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Tuross landcare rubbish collection


TUROSS COASTAL LANDCARE GROUP RUBBISH COLLECTION The last working bee of 2016 for the Tuross Coastal Landcare Group was at Plantation Beach entrance area, removing weeds near the creek (storm water drain) and mending the fencing alongside the path leading to the beach. There was a lot of rubbish in and around the creek, possibly from the heavy rainfall that brought a lot of stormwater off neighbouring streets, so we added collecting rubbish to our tasks Two volunteers and two hours later 19 kg of rubbish was collected from a 25 metre stretch starting at the storm pipes at Tuross Boulevarde end. As so much rubbish was collected from the small area, it was decided to participate in the Tangaroa Blue Foundation Australian Marine Debris Initiative (AMDI).


Using a tarpaulin as a base, every item was sorted into groups using the Tangaroa Blue Marine Debris Identification Manual which contains comprehensive checklists and images of the range of items in each class of debris; for example, there are twenty-seven types of plastics listed, with foamed plastic, (polystyrene) products listed separately. Some of the items collected included 56 plastic assorted food packaging, 126 plastic film remnants, 32 plastic bags, 47 assorted foil wrappers, plastic tile spacer set, black weed matting, a car tyre, laptop computer pieces, chunks of polystyrene, plastic and glass drink bottles, plant labels, a dummy, assorted strapping bands, underpants, a chemise, sealant cartridge, etc.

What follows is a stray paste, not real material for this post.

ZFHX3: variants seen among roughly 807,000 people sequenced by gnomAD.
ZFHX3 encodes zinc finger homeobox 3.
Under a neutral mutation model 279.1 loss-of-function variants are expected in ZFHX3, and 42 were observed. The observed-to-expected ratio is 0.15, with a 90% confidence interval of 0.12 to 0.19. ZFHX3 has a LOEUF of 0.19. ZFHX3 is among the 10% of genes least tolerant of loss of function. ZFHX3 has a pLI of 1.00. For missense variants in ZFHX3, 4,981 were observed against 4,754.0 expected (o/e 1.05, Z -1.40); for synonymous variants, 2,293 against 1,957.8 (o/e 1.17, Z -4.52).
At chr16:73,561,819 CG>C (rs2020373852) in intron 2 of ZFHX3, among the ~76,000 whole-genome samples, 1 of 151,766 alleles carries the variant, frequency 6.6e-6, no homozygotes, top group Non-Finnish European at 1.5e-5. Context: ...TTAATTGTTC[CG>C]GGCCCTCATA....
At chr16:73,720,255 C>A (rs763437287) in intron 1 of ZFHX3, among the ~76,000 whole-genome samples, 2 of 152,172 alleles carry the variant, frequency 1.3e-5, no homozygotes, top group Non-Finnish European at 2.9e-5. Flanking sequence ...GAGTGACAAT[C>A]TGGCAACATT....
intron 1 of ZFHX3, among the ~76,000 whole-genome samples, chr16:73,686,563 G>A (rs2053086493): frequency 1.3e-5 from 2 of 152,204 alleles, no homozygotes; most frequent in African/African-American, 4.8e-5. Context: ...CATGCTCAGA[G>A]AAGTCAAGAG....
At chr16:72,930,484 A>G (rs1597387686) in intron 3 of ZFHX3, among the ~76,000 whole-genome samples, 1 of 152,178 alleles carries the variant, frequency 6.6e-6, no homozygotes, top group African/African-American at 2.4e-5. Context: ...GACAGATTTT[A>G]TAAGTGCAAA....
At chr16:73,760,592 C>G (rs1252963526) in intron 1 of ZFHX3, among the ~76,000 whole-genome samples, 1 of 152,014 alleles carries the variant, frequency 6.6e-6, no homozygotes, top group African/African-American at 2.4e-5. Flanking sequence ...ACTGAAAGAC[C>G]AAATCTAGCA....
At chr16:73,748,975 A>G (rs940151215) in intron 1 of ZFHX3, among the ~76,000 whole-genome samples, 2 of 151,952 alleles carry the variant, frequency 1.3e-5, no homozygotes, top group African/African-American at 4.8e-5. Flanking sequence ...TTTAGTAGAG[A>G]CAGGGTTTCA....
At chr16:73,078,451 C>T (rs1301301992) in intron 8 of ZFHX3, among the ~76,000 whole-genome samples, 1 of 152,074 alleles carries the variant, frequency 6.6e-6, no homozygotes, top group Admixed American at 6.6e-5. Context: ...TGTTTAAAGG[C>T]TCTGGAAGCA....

The majority of items were plastic of one form or another. The collated information was sent to Tangaroa Blue and entered on the Australian Marine Debris Initiative Database. Any future rubbish collected from the same site will be entered on the Database

Tangaroa Blue Foundation is an Australian-wide not-for-profit organisation dedicated to the removal and prevention of marine debris, one of the major environmental issues worldwide. Heidi Taylor, a founder of Tangaroa Blue Foundation, spoke at the Marine Science Forum: “Turning the tide on trash” held in Merimbula in May last year. She explained that we cannot keep cleaning up litter and debris - we have to make real change and showed images of beaches in northern Australia were where stretches were almost solid with plastic waste. “The Australian Marine Debris Initiative Database is used to firstly identify what is impacting different sections of the coast, and then to track wherever possible where those items are coming from. Lastly stakeholders are then brought together to work on practical solutions and create source reduction plans to stop marine debris from entering our oceans in the first place” (http://www.tangaroablue.org/about-us.html) Entering brand names, serial numbers, bar codes, etc., found on debris and on the data sheets assists in tracing the source of the debris. During 2017, Tangaroa Blue Foundation is coordinating Source Reduction Plan workshops in seven council regions around Port Phillip Bay.

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